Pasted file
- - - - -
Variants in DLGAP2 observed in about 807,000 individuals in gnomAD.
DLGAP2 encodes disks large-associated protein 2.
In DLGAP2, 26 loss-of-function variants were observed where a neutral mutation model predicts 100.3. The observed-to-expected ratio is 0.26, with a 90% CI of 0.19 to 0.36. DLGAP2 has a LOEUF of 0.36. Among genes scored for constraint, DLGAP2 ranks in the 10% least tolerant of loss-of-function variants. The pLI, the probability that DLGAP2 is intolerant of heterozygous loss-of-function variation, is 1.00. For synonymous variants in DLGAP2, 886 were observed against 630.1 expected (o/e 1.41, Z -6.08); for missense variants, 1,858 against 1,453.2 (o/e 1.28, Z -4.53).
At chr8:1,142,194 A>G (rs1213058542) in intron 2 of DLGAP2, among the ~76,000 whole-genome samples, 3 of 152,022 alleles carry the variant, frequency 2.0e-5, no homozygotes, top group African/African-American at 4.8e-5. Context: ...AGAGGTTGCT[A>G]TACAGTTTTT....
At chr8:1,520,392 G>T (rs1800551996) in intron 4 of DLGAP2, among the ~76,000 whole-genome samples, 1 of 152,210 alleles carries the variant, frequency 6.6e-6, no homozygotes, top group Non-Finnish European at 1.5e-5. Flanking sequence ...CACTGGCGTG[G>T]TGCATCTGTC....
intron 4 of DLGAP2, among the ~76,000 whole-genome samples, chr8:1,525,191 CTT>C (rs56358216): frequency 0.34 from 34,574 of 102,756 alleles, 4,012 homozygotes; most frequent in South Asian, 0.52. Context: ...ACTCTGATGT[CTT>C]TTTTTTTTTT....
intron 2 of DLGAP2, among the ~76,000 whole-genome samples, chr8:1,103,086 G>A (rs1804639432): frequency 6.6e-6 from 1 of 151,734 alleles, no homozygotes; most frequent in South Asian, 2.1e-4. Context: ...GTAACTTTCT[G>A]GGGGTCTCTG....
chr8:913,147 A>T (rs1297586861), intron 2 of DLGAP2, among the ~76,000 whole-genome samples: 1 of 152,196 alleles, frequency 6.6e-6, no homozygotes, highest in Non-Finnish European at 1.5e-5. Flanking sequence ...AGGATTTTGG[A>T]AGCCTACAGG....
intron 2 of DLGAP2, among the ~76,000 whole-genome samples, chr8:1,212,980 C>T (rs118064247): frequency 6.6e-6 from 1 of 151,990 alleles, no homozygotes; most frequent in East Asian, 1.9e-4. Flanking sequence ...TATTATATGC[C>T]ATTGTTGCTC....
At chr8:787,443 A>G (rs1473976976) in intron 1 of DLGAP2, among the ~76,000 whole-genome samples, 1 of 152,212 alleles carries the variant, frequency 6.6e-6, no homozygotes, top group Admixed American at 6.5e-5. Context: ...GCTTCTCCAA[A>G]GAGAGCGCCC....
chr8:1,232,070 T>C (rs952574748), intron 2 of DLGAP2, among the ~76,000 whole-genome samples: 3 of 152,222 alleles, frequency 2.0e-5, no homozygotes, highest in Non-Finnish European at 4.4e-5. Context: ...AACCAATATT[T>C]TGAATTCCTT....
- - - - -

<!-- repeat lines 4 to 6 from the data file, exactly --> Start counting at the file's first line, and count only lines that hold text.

At chr8:1,142,194 A>G (rs1213058542) in intron 2 of DLGAP2, among the ~76,000 whole-genome samples, 3 of 152,022 alleles carry the variant, frequency 2.0e-5, no homozygotes, top group African/African-American at 4.8e-5. Context: ...AGAGGTTGCT[A>G]TACAGTTTTT....
At chr8:1,520,392 G>T (rs1800551996) in intron 4 of DLGAP2, among the ~76,000 whole-genome samples, 1 of 152,210 alleles carries the variant, frequency 6.6e-6, no homozygotes, top group Non-Finnish European at 1.5e-5. Flanking sequence ...CACTGGCGTG[G>T]TGCATCTGTC....
intron 4 of DLGAP2, among the ~76,000 whole-genome samples, chr8:1,525,191 CTT>C (rs56358216): frequency 0.34 from 34,574 of 102,756 alleles, 4,012 homozygotes; most frequent in South Asian, 0.52. Context: ...ACTCTGATGT[CTT>C]TTTTTTTTTT....